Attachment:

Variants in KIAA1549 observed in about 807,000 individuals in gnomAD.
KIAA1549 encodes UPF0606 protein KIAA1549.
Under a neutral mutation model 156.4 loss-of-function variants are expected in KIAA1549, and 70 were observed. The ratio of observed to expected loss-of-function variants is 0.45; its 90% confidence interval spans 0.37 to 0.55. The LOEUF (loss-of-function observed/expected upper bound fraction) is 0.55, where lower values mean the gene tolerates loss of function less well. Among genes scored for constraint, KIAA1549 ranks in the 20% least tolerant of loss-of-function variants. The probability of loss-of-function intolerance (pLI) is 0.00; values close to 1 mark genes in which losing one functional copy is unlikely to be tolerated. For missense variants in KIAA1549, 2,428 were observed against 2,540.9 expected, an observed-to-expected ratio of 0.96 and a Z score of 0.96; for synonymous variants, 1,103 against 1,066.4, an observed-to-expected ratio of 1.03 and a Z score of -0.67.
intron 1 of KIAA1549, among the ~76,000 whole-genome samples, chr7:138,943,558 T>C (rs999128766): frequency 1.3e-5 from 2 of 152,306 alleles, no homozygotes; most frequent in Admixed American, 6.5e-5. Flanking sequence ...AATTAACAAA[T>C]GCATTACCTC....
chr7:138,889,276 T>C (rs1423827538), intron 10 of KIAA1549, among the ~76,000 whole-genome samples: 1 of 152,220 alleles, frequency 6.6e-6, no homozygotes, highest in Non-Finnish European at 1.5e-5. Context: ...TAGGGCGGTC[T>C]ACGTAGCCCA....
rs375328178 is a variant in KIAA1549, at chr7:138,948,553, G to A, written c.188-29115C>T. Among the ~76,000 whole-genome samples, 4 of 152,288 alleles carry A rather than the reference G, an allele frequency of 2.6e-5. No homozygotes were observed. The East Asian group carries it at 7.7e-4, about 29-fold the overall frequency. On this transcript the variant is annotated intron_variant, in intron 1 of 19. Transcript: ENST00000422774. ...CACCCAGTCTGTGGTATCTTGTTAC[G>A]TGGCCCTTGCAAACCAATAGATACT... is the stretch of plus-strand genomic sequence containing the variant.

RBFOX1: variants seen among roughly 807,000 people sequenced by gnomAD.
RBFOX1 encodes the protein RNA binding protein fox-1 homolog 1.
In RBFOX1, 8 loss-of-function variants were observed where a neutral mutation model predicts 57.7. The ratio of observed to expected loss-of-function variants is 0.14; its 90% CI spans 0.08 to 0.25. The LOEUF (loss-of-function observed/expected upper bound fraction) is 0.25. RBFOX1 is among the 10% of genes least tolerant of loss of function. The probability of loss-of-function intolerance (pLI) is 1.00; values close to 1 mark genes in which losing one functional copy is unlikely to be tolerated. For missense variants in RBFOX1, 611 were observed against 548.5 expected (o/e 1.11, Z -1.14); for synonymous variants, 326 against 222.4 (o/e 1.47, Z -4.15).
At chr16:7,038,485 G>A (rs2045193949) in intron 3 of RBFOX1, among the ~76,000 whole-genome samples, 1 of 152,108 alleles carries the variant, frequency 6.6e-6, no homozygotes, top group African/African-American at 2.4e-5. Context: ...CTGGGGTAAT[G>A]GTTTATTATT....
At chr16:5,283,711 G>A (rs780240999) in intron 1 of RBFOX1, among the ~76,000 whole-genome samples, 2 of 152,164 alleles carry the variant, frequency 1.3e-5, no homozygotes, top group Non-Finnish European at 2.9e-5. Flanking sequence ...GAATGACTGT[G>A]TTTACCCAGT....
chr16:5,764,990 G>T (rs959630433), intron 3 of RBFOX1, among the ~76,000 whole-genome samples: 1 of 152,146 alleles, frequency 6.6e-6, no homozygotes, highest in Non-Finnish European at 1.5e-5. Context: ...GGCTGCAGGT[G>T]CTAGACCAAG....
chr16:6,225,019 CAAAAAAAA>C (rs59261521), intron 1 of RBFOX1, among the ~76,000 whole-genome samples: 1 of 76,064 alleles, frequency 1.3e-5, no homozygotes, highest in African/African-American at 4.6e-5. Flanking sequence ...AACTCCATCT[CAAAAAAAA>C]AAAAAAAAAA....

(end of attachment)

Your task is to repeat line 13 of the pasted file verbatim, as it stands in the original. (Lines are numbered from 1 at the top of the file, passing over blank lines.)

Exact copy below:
chr16:6,225,019 CAAAAAAAA>C (rs59261521), intron 1 of RBFOX1, among the ~76,000 whole-genome samples: 1 of 76,064 alleles, frequency 1.3e-5, no homozygotes, highest in African/African-American at 4.6e-5. Flanking sequence ...AACTCCATCT[CAAAAAAAA>C]AAAAAAAAAA....